Understanding and addressing those journeys creates real value for managing customer experience and engagement
Insight technology 3 – Insight platforms
The third of the top 5 insight technologies is Insight Platforms. Forrester had published a report Vendor Landscape: Insights Platforms, Q3 2016, where it defines five insight platform classes, each with several segments, based on who the platform serves and what it does.
Insight technology 4 – IoT analytics
The fourth of the top 5 insight technologies is IoT analytics or AoT (Analytics of Things) . The Internet of Things (IoT) sounds like a consumer fantasy come true — who wouldn’t want to be able to turn off the lights at home from two towns away, or leave it to their refrigerator to make sure they know when milk, butter and other staples need to be replenished? But there’s more to the IoT than lifestyle enhancement. It also includes a corporate side, enabling organizations to collect and analyze data from sensors on manufacturing equipment, pipelines, weather stations, smart meters, delivery trucks and other types of machinery.
IoT analytics applications can help companies understand the Internet of Things data at their disposal, with an eye toward reducing maintenance costs, avoiding equipment failures and improving business operations. In addition, retailers, restaurant chains and makers of consumer goods can use data from smartphones, wearable technologies and in-home devices to do targeted marketing and promotions — the business side of the IoT’s futuristic world of connected consumer gear.
There are several challenges which the industries will face:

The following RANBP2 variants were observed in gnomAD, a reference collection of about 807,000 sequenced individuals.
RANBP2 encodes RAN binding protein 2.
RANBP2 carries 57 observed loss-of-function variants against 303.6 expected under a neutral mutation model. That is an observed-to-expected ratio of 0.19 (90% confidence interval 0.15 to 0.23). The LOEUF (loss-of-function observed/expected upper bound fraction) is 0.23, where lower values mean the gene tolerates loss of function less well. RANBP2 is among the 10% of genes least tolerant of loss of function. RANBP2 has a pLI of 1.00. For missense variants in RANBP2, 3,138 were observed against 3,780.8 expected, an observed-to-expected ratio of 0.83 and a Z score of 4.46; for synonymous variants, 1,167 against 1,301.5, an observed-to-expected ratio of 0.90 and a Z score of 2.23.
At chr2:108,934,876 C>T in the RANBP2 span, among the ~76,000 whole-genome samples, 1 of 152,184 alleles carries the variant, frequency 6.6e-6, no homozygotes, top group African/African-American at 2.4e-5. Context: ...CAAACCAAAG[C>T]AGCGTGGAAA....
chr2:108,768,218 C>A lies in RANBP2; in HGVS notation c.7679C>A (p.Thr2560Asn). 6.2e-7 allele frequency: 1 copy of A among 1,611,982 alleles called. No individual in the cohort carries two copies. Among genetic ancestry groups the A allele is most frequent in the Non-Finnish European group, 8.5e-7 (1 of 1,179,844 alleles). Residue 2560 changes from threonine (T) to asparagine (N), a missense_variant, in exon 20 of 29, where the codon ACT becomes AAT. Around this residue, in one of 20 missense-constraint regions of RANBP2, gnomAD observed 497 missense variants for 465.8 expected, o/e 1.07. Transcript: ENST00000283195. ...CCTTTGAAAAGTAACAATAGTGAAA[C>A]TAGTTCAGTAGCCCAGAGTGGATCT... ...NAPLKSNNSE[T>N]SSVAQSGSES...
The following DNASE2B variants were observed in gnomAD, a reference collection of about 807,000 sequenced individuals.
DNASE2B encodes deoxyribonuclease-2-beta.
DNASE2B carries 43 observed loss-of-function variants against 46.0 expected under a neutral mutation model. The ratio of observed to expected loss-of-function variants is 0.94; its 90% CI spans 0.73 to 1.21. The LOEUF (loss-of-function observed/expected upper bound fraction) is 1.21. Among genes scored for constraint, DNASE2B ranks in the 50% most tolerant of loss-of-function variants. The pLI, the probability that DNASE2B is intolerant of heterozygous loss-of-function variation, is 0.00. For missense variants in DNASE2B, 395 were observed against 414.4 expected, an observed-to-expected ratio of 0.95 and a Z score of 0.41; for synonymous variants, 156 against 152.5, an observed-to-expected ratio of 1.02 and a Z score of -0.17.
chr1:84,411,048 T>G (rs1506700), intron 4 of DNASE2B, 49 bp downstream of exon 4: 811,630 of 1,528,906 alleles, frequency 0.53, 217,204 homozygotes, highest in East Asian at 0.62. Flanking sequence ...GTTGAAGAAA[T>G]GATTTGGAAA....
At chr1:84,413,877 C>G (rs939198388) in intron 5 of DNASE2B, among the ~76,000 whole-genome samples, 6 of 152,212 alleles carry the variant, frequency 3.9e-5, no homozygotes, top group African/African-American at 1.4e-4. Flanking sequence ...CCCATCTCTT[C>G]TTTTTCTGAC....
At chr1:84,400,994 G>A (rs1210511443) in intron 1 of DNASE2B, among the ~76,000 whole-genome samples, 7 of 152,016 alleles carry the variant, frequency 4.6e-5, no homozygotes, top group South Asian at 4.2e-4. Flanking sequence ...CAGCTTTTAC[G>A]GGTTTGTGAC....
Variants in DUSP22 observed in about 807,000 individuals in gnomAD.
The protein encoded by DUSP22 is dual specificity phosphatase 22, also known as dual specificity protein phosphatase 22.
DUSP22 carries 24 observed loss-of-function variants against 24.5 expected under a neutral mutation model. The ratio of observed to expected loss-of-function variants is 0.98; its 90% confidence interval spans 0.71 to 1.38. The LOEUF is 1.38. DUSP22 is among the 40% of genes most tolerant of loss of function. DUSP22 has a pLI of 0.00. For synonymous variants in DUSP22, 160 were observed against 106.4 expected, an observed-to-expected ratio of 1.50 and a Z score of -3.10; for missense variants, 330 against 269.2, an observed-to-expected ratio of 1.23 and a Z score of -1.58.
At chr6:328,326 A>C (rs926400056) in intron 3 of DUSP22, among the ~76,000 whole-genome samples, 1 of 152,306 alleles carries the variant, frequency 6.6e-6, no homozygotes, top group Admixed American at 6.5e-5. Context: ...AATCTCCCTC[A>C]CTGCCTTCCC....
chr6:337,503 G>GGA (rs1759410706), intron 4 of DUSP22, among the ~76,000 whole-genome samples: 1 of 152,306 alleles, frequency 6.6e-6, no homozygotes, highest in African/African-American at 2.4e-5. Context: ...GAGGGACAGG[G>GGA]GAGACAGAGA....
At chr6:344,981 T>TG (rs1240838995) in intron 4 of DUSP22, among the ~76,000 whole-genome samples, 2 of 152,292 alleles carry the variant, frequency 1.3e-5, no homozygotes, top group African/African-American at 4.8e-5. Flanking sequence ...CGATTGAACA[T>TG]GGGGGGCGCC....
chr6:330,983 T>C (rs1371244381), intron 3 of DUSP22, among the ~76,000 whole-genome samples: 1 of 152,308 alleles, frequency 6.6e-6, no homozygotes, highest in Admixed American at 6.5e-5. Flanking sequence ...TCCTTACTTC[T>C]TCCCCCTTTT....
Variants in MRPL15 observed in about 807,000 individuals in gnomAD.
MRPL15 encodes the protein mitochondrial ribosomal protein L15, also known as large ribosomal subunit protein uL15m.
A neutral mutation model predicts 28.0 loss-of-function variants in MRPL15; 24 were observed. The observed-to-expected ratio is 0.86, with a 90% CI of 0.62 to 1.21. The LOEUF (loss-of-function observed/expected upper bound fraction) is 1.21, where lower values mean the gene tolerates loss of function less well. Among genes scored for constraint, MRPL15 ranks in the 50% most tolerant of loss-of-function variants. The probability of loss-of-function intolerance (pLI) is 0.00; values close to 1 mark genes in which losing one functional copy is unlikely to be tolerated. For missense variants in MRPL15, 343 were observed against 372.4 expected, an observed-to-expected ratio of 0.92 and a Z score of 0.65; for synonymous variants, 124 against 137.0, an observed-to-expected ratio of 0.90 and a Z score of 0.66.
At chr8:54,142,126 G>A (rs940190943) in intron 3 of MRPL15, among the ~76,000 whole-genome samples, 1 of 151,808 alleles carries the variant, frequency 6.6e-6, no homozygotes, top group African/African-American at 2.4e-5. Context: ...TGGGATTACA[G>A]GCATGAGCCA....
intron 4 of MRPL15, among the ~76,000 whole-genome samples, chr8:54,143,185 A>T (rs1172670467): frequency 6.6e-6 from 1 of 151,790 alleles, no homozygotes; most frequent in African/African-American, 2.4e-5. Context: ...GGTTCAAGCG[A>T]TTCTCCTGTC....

- The amount of data. IDCsays there will be 28 billion sensors in use by 2020, with $1.7 trillion in economic value. Imagine a few billion sensors sending messages 20 times a second or even once a minute. The scale of the data is astonishing. Possible solutions to manage these vast amounts of data are the following:
- Filter and send the data only when needed.
- Send data only when it crosses a threshold.
- Compress the data using lossless algorithms.
- Dispersion of sensors. Data comes from devices with attached sensors. Some things are stationary (wind turbines), others are mobile (cars). While 70 percent of sensors areinside the intranet, 30 percent are “in the wild.” In many implementations, sensor data will be massively dispersed around the planet. That’s vastly different from getting ERP or CRM data extracts.
- Interruptions in data flow – Mobile sensor data arrives from thousands of airplanes, cars, patients, tools, and inventory pallets. These sensors disappear when in a tunnel or 10 kilometers up in the sky. Hence, sensors can be disconnected from the network. This means that data is sometimes lost, and also that developers must plan for “data catch-up mode” when the device is back online.
- Time series data – A majority of sensor data is time-series data. It arrives as a sensor ID, date-time stamp, and measurement. Typically it’s a continuous stream of data per sensor. Often, the granularity of sensor data is more than is needed. Imagine 1,000 sensor measures per minute when we need only 20. This leads to a sliding window of intervals applied to the data with only 20 measurements output. But these interval results are much more complex than averages. Sliding interval windows leads to curve-fitting techniques. Sensor data integration requires advanced analytics algorithms to simplify the data. Now, mathematicians and algorithm suppliers are needed for data preparation. Add deep math skills to the data integration team.